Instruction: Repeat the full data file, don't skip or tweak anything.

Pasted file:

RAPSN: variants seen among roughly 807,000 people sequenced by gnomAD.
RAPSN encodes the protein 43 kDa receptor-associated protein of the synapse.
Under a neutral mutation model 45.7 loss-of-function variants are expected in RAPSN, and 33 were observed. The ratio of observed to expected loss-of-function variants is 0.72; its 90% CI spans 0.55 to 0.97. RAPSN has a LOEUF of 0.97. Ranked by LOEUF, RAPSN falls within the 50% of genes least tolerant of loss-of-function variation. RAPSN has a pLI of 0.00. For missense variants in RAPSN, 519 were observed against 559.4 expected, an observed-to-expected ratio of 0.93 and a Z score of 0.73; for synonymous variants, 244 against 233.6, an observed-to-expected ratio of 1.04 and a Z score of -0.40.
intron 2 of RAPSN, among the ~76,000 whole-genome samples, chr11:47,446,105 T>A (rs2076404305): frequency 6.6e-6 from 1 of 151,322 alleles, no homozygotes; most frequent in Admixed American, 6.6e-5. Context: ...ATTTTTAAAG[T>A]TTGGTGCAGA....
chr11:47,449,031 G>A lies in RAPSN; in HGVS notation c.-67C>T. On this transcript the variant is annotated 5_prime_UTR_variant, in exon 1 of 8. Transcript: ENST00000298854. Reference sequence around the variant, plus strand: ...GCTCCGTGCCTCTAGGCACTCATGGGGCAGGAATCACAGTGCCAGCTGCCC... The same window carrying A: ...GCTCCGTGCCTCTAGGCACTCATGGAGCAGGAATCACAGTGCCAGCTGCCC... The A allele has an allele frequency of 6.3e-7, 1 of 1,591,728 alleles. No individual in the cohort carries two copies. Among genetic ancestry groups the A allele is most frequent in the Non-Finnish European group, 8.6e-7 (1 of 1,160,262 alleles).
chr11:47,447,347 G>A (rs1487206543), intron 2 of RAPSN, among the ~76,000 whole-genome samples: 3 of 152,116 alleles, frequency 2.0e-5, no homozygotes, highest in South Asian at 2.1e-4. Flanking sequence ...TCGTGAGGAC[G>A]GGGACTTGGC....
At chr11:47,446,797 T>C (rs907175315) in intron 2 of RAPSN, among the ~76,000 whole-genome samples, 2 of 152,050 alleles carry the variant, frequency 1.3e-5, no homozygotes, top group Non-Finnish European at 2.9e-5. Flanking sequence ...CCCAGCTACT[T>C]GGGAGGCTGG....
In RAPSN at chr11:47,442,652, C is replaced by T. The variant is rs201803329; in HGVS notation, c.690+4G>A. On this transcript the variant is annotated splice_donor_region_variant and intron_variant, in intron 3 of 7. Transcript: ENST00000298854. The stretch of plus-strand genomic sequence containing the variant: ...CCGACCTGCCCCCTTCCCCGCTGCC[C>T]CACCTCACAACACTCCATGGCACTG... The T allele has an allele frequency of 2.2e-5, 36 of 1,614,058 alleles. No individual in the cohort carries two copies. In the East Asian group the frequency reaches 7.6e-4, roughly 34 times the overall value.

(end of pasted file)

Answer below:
RAPSN: variants seen among roughly 807,000 people sequenced by gnomAD.
RAPSN encodes the protein 43 kDa receptor-associated protein of the synapse.
Under a neutral mutation model 45.7 loss-of-function variants are expected in RAPSN, and 33 were observed. The ratio of observed to expected loss-of-function variants is 0.72; its 90% CI spans 0.55 to 0.97. RAPSN has a LOEUF of 0.97. Ranked by LOEUF, RAPSN falls within the 50% of genes least tolerant of loss-of-function variation. RAPSN has a pLI of 0.00. For missense variants in RAPSN, 519 were observed against 559.4 expected, an observed-to-expected ratio of 0.93 and a Z score of 0.73; for synonymous variants, 244 against 233.6, an observed-to-expected ratio of 1.04 and a Z score of -0.40.
intron 2 of RAPSN, among the ~76,000 whole-genome samples, chr11:47,446,105 T>A (rs2076404305): frequency 6.6e-6 from 1 of 151,322 alleles, no homozygotes; most frequent in Admixed American, 6.6e-5. Context: ...ATTTTTAAAG[T>A]TTGGTGCAGA....
chr11:47,449,031 G>A lies in RAPSN; in HGVS notation c.-67C>T. On this transcript the variant is annotated 5_prime_UTR_variant, in exon 1 of 8. Transcript: ENST00000298854. Reference sequence around the variant, plus strand: ...GCTCCGTGCCTCTAGGCACTCATGGGGCAGGAATCACAGTGCCAGCTGCCC... The same window carrying A: ...GCTCCGTGCCTCTAGGCACTCATGGAGCAGGAATCACAGTGCCAGCTGCCC... The A allele has an allele frequency of 6.3e-7, 1 of 1,591,728 alleles. No individual in the cohort carries two copies. Among genetic ancestry groups the A allele is most frequent in the Non-Finnish European group, 8.6e-7 (1 of 1,160,262 alleles).
chr11:47,447,347 G>A (rs1487206543), intron 2 of RAPSN, among the ~76,000 whole-genome samples: 3 of 152,116 alleles, frequency 2.0e-5, no homozygotes, highest in South Asian at 2.1e-4. Flanking sequence ...TCGTGAGGAC[G>A]GGGACTTGGC....
At chr11:47,446,797 T>C (rs907175315) in intron 2 of RAPSN, among the ~76,000 whole-genome samples, 2 of 152,050 alleles carry the variant, frequency 1.3e-5, no homozygotes, top group Non-Finnish European at 2.9e-5. Flanking sequence ...CCCAGCTACT[T>C]GGGAGGCTGG....
In RAPSN at chr11:47,442,652, C is replaced by T. The variant is rs201803329; in HGVS notation, c.690+4G>A. On this transcript the variant is annotated splice_donor_region_variant and intron_variant, in intron 3 of 7. Transcript: ENST00000298854. The stretch of plus-strand genomic sequence containing the variant: ...CCGACCTGCCCCCTTCCCCGCTGCC[C>T]CACCTCACAACACTCCATGGCACTG... The T allele has an allele frequency of 2.2e-5, 36 of 1,614,058 alleles. No individual in the cohort carries two copies. In the East Asian group the frequency reaches 7.6e-4, roughly 34 times the overall value.